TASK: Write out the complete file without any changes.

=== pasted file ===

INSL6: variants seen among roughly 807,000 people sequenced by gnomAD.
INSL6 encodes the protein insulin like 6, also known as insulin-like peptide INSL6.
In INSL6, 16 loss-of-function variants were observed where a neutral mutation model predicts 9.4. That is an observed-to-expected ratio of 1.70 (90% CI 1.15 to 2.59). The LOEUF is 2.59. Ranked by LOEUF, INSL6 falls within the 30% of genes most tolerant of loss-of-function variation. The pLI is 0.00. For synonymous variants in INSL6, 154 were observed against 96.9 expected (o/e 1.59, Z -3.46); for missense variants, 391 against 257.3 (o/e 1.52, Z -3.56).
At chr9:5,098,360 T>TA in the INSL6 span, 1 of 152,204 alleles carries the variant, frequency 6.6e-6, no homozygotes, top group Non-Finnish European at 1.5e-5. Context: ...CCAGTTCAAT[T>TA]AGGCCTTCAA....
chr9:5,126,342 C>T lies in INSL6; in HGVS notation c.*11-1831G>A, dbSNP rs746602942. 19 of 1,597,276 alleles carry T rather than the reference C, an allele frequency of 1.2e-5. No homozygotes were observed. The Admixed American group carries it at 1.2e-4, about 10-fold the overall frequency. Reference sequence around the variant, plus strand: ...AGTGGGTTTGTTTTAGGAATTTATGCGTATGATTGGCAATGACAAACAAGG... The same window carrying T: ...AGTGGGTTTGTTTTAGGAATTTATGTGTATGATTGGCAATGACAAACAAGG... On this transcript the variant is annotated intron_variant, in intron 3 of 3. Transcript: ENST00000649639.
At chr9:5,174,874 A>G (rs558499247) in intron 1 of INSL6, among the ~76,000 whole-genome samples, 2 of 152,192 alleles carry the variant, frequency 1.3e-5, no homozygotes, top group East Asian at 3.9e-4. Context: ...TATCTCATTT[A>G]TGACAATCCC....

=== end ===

INSL6: variants seen among roughly 807,000 people sequenced by gnomAD.
INSL6 encodes the protein insulin like 6, also known as insulin-like peptide INSL6.
In INSL6, 16 loss-of-function variants were observed where a neutral mutation model predicts 9.4. That is an observed-to-expected ratio of 1.70 (90% CI 1.15 to 2.59). The LOEUF is 2.59. Ranked by LOEUF, INSL6 falls within the 30% of genes most tolerant of loss-of-function variation. The pLI is 0.00. For synonymous variants in INSL6, 154 were observed against 96.9 expected (o/e 1.59, Z -3.46); for missense variants, 391 against 257.3 (o/e 1.52, Z -3.56).
At chr9:5,098,360 T>TA in the INSL6 span, 1 of 152,204 alleles carries the variant, frequency 6.6e-6, no homozygotes, top group Non-Finnish European at 1.5e-5. Context: ...CCAGTTCAAT[T>TA]AGGCCTTCAA....
chr9:5,126,342 C>T lies in INSL6; in HGVS notation c.*11-1831G>A, dbSNP rs746602942. 19 of 1,597,276 alleles carry T rather than the reference C, an allele frequency of 1.2e-5. No homozygotes were observed. The Admixed American group carries it at 1.2e-4, about 10-fold the overall frequency. Reference sequence around the variant, plus strand: ...AGTGGGTTTGTTTTAGGAATTTATGCGTATGATTGGCAATGACAAACAAGG... The same window carrying T: ...AGTGGGTTTGTTTTAGGAATTTATGTGTATGATTGGCAATGACAAACAAGG... On this transcript the variant is annotated intron_variant, in intron 3 of 3. Transcript: ENST00000649639.
At chr9:5,174,874 A>G (rs558499247) in intron 1 of INSL6, among the ~76,000 whole-genome samples, 2 of 152,192 alleles carry the variant, frequency 1.3e-5, no homozygotes, top group East Asian at 3.9e-4. Context: ...TATCTCATTT[A>G]TGACAATCCC....